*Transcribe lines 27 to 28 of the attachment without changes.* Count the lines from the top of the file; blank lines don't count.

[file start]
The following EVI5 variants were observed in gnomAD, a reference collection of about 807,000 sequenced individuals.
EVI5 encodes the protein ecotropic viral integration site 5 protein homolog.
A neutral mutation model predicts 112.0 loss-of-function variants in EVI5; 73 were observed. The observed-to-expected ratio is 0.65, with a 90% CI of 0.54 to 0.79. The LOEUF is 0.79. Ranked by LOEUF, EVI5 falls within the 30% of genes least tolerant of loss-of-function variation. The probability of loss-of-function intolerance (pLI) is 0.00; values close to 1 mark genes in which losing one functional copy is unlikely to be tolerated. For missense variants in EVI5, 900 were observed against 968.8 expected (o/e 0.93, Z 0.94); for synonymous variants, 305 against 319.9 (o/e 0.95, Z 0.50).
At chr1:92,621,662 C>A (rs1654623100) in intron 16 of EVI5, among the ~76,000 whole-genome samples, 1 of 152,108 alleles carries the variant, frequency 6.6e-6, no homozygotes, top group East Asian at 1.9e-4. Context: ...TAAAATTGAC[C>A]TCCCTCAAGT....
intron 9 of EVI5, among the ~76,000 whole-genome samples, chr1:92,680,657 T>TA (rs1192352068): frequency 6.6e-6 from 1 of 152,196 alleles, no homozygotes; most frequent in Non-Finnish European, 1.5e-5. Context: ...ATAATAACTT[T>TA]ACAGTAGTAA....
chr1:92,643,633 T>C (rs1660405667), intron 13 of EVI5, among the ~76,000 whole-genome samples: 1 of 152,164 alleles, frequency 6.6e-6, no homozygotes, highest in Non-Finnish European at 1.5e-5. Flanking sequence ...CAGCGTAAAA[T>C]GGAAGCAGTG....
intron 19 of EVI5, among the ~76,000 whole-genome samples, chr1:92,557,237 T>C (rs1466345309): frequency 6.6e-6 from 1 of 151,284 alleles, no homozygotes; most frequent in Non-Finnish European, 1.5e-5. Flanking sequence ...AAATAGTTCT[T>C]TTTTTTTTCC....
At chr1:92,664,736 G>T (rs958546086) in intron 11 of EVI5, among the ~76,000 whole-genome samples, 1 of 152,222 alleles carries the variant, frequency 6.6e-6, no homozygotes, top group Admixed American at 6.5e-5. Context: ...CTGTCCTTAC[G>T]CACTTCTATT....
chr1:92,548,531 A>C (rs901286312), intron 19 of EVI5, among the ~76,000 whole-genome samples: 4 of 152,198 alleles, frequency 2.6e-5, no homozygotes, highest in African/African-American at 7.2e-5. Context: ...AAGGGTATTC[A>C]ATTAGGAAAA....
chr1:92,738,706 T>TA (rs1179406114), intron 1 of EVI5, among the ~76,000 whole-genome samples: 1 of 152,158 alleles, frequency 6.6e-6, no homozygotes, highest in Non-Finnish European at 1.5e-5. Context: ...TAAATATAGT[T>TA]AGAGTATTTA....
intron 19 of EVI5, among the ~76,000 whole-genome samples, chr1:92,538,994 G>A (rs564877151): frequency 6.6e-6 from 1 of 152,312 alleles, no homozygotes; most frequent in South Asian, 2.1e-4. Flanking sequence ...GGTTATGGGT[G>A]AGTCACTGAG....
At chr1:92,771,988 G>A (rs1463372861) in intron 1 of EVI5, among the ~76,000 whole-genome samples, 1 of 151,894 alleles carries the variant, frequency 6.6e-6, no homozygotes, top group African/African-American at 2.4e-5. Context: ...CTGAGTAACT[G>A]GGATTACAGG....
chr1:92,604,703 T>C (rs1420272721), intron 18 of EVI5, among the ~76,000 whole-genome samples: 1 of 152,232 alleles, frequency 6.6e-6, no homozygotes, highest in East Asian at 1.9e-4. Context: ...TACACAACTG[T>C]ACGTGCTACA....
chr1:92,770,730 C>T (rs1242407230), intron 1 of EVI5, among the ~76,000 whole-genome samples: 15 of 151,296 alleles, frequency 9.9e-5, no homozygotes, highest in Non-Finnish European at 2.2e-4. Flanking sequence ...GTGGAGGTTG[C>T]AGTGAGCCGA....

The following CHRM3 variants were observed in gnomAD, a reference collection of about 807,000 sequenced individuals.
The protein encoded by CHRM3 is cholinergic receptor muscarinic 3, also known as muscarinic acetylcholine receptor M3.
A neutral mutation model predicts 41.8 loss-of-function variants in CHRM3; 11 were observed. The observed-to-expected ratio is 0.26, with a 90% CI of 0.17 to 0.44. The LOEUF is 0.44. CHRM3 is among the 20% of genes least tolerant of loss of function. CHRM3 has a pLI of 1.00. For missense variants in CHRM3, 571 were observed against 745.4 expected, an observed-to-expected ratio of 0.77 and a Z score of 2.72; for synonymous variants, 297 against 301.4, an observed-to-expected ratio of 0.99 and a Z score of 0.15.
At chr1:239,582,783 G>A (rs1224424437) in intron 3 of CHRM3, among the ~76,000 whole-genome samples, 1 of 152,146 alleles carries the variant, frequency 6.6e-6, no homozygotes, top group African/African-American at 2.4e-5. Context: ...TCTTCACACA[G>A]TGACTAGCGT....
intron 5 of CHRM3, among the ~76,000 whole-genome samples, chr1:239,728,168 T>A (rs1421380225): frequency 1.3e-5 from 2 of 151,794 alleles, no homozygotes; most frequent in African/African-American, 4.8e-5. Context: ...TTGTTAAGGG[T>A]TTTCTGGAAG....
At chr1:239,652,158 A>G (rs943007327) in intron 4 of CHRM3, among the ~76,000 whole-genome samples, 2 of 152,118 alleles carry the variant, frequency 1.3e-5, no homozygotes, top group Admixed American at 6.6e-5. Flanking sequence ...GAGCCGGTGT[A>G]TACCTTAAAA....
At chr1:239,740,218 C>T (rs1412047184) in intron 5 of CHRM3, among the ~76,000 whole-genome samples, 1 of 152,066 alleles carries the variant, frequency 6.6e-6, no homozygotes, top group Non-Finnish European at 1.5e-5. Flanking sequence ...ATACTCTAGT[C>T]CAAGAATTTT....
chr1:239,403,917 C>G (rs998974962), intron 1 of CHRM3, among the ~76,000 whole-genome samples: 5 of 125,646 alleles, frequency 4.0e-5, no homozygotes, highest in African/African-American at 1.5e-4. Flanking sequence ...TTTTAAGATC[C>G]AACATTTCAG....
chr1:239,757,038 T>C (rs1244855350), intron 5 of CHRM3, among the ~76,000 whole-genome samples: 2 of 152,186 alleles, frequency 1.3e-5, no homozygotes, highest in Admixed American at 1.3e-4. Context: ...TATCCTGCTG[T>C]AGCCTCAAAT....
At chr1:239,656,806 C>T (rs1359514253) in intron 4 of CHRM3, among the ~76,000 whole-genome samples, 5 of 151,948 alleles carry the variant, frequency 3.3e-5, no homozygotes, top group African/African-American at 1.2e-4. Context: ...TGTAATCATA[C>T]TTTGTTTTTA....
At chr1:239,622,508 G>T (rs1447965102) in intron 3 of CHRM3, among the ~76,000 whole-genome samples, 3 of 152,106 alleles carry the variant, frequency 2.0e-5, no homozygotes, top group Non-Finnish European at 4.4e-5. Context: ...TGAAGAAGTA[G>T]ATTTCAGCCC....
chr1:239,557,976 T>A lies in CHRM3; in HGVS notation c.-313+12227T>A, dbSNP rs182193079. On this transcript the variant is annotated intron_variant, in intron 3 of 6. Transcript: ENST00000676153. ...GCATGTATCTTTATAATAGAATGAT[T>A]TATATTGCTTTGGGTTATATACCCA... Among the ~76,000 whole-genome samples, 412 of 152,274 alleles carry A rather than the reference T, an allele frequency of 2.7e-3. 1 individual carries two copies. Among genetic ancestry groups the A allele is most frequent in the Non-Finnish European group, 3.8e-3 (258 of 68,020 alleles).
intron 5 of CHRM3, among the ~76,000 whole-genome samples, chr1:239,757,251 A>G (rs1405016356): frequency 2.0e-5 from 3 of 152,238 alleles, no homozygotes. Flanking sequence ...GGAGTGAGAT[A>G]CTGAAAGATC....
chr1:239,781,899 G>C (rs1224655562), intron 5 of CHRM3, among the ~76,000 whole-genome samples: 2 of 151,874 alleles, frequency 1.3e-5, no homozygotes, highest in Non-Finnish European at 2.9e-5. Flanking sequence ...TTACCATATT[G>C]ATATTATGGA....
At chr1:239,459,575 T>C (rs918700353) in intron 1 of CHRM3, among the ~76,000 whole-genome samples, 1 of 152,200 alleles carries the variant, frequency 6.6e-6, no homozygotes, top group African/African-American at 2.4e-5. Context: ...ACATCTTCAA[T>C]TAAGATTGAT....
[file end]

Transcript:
intron 5 of CHRM3, among the ~76,000 whole-genome samples, chr1:239,757,251 A>G (rs1405016356): frequency 2.0e-5 from 3 of 152,238 alleles, no homozygotes. Flanking sequence ...GGAGTGAGAT[A>G]CTGAAAGATC....
chr1:239,781,899 G>C (rs1224655562), intron 5 of CHRM3, among the ~76,000 whole-genome samples: 2 of 151,874 alleles, frequency 1.3e-5, no homozygotes, highest in Non-Finnish European at 2.9e-5. Flanking sequence ...TTACCATATT[G>C]ATATTATGGA....